Mr. WALLACH: Right.

GROSS: So Clint Eastwood brings you into the law.

Mr. WALLACH: Right.

GROSS: And just as they're about to hang you, he cuts you loose. And you both ride away, and you split the bounty.

Mr. WALLACH: Exactly.

(Soundbite of laughter)

GROSS: So you split the price that was on your head. So this is after the first time, when you're about to be hung. Clint Eastwood frees you, and you're splitting up the bounty.

Mr. WALLACH: Right.

(Soundbite of movie, "The Good, the Bad and the Ugly")

Mr. WALLACH: (as Tuco) There are two kinds of people in the world, my friend. Those with a rope around their neck, and the people who have the job of doing the cutting. Listen, the neck at the end of the rope is mine. I run the risks. So the next time, I want more than half.

Mr. CLINT EASTWOOD (Actor): (as Blondie) You may run the risks my friend, but I do the cutting.

(Soundbite of birds)

Mr. EASTWOOD: (as Blondie) If we cut down my percentage - cigar? - might interfere with my aim.

Mr. WALLACH: (as Tuco) Hmm. But if you miss, you had better miss very well. Whoever double crosses me and leaves me alive, he understands nothing about Tuco.

(Soundbite of laughter)

Mr. WALLACH: (as Tuco) Nothing.

GROSS: I love that little, sadistic laugh at the end.

(Soundbite of laughter)

Mr. WALLACH: But I don't think it's a very good Mexican accent. I, you know, it's standardized. It isn't - I didn't do the cliche of a, I think, maybe I do like that. You know, I don't - I didn't do that. I wanted specifically to be clear in what I was saying.

GROSS: We're listening back to a 1990 interview with actor Eli Wallach. He's getting an honorary Oscar for Lifetime Achievement on Saturday.

We'll hear more of the interview after a break.

This is FRESH AIR.

(Soundbite of music)

GROSS: Let's get back to our 1990 interview with actor Eli Wallach. He's getting an honorary Academy Award Saturday for Lifetime Achievement.

In the Italian Westerns that you made, especially in "The Good, the Bad and the Ugly," everything's dubbed, right?

Mr. WALLACH: Right.

GROSS: ...afterwards?

Mr. WALLACH: Right.

GROSS: So in these international casts, everybody's talking in their own language...

Mr. WALLACH: Exactly.

GROSS: ...and it's dubbed in afterwards.

Mr. WALLACH: It's the Tower of Babel.

(Soundbite of laughter)

Mr. WALLACH: It really is. But you wait until they stop speaking, or you know what - the sense of what they're saying.

GROSS: Why did they do it that way?

Mr. WALLACH: Because it's easier and cheaper. An airplane flies over, they don't stop a scene. They drop a wrench in the middle of a scene, it makes a noise; they don't care. Two other Italians over in a corner will be arguing about something. One director said to an Italian actor who's playing with me, he said to me - the Italian actor - said, I don't like Americans. I said why? He said, I lost my arm in the war. I said, well, I don't know. What could I do? He was not an actor. So the director said, I want you to count from one to 10, angrily. So the man said (counting in Italian). And then when they dub it in, he's playing a wonderful scene, an angry actor.

(Soundbite of laughter)

Mr. WALLACH: Well, that's movies.

GROSS: "The Good, the Bad and the Ugly" is really one of the most kind of brutal, sadistic Westerns, in a way...

Mr. WALLACH: No, it's done with tongue in cheek. It's not brutal.

GROSS: I know. I know there's a lot of humor in it. But what kind of mood did Leone tell you that he wanted?

Mr. WALLACH: One of the things he said to me, he said, I want every shot to be done like Vermeer. I want the light to come in from the side windows. And he said to me, I don't want you to have your gun in a holster. I said, where will I put it? He said, with a lanyard around your neck. I said, oh. And then it dangles between my knees, right?

(Soundbite of laughter)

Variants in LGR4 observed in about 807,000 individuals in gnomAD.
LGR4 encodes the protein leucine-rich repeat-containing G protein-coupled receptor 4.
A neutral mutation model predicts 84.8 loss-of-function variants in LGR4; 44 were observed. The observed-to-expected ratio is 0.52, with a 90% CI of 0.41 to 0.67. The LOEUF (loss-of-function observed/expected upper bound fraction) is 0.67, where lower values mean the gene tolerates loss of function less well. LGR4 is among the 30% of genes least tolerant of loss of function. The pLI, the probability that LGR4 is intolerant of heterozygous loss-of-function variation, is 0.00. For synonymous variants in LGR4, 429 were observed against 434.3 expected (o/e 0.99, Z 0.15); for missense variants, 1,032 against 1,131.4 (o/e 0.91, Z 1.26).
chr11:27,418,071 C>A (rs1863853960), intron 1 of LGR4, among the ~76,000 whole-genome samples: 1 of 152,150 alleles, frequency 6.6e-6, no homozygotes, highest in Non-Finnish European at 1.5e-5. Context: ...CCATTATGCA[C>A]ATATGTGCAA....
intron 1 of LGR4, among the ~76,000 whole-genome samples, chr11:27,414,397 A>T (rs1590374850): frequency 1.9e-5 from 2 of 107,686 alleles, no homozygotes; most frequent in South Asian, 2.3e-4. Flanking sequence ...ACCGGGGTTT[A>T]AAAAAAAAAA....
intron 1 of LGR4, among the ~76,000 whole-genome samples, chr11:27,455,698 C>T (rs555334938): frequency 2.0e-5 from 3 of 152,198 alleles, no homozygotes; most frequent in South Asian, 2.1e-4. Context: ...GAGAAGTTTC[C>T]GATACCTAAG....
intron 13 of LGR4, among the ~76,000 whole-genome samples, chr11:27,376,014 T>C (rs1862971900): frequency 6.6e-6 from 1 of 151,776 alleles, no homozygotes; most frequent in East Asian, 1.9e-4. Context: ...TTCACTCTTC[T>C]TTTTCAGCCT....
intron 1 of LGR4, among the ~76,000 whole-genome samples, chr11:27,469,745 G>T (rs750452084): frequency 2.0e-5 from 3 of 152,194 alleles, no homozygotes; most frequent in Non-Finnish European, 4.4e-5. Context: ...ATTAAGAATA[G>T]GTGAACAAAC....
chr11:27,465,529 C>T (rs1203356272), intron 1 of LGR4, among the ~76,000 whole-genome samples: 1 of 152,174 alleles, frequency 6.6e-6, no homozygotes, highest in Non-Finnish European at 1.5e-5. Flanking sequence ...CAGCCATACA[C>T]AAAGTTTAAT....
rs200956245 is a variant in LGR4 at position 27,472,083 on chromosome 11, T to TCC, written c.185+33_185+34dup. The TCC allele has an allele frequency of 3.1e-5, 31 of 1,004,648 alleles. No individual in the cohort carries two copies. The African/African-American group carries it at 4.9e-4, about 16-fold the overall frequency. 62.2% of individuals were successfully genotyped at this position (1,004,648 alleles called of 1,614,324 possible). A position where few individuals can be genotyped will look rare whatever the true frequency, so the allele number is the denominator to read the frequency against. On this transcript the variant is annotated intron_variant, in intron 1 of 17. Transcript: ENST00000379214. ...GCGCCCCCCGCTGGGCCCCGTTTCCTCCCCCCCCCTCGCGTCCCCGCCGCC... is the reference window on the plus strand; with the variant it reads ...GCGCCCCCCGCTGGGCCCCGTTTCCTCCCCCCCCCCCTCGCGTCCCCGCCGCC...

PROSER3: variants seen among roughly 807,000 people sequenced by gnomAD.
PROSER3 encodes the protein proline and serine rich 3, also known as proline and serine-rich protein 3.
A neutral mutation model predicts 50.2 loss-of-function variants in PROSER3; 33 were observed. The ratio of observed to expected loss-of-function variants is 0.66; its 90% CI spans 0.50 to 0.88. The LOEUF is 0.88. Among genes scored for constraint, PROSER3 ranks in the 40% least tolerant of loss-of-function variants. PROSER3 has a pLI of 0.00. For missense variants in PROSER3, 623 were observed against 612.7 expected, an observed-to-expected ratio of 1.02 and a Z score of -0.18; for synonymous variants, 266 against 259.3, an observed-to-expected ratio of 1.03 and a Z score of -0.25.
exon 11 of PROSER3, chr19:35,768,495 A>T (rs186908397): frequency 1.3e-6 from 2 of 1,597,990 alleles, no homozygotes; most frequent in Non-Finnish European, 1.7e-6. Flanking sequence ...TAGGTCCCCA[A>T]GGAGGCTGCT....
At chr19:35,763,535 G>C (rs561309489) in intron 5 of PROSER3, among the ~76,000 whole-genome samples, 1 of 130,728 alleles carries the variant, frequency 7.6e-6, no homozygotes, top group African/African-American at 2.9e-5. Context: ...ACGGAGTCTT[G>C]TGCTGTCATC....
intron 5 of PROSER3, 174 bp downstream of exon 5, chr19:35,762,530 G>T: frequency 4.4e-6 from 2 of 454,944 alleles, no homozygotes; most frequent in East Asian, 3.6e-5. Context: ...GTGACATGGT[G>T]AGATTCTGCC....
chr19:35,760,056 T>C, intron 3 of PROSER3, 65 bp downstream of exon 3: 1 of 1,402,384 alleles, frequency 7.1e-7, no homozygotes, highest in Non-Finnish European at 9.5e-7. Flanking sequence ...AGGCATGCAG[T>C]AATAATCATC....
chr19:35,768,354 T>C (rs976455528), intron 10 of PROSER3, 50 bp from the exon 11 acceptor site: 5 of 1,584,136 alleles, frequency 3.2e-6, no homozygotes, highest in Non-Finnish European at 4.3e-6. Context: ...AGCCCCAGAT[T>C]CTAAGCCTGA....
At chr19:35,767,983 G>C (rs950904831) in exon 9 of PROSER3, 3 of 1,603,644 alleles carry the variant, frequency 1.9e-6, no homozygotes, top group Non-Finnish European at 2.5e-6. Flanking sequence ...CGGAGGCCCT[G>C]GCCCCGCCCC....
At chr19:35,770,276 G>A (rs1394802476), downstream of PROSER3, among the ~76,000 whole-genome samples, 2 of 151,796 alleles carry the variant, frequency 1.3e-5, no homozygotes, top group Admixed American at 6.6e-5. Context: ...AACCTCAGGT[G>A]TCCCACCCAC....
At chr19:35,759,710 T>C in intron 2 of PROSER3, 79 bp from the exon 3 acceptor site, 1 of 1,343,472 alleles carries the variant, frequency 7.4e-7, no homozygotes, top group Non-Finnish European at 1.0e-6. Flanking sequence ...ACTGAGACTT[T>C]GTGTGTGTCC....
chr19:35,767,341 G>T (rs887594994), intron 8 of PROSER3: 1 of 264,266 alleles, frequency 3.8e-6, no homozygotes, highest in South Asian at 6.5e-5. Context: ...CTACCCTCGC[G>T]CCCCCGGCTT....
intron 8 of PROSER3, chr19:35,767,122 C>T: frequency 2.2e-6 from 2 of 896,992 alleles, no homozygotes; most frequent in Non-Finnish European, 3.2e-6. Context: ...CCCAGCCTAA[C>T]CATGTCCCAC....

Mr. WALLACH: He said, yeah. He said: When you want it, you twist your shoulders, and I cut, and the gun is in your hand. I said, show me. He put it around his neck, he twisted his shoulder, he missed the gun, it hit him in the groin. He said, keep it in your pocket. So...

(Soundbite of laughter)

Mr. WALLACH: That's, that's...

(Soundbite of laughter)

GROSS: It's interesting that you became a kind of action hero when you were well, probably in your 50s already.

Mr. WALLACH: When "The Good, the Bad and the Ugly"?

GROSS: And "The Magnificent Seven."

Mr. WALLACH: Yeah - no, I was a little younger.

GROSS: No, you must have been in your 40s in "The Magnificent Seven."

Mr. WALLACH: Yeah. Yeah.

GROSS: But you know, like today, most action heroes are a lot younger. It's like they start off in their 20s and 30s playing that kind of role.


GROSS: Did you feel like it was an odd match?

Mr. WALLACH: Well, you wear very tight pants in these movies.

(Soundbite of laughter)

Mr. WALLACH: And to get up on a horse, they'd always have to cut. I'd put my foot in the stirrup, but then they'd cut away to somebody looking at me. And the next thing, I was on the horse.

(Soundbite of laughter)

Mr. WALLACH: So, no, I tell you, in "The Good, the Bad and the Ugly," I did most of the stunts, and they were very dangerous. I was sitting on a horse with a noose around my neck, and Clint's supposed to shoot the rope. Then - they put a little charge of dynamite in the rope, and it would explode. And then I would ride off on this horse. I said, did you put any cotton in the horse's ears? They said, what do you mean, cotton in the horse's ears? I said, he can hear the explosion. He's going to be terrified. My hands are tied behind me.

Well, they didn't do it. They shot the rope, and that horse took off. I - and I'm riding not using reins, just using my knees and praying that that horse would eventually stop. And eventually, he did. But it was frightening. The horses I get in America, in American films are trained. They know how to hit their marks. They shift their weight. They look great.

(Soundbite of laughter)

Mr. WALLACH: But when you get into a foreign movie, and they bring out a horse, I say: I want the gentlest, sweetest horse. And he usually turns around and looks at me when I sit on him and thinks, oh, God. I've got this guy for three weeks.

(Soundbite of laughter)

Mr. WALLACH: But I like riding.

GROSS: I want to thank you so much for talking with us.

Mr. WALLACH: Pleasure.

GROSS: Eli Wallach, recorded in 1990. On Saturday, he's getting an honorary Academy Award for Lifetime Achievement.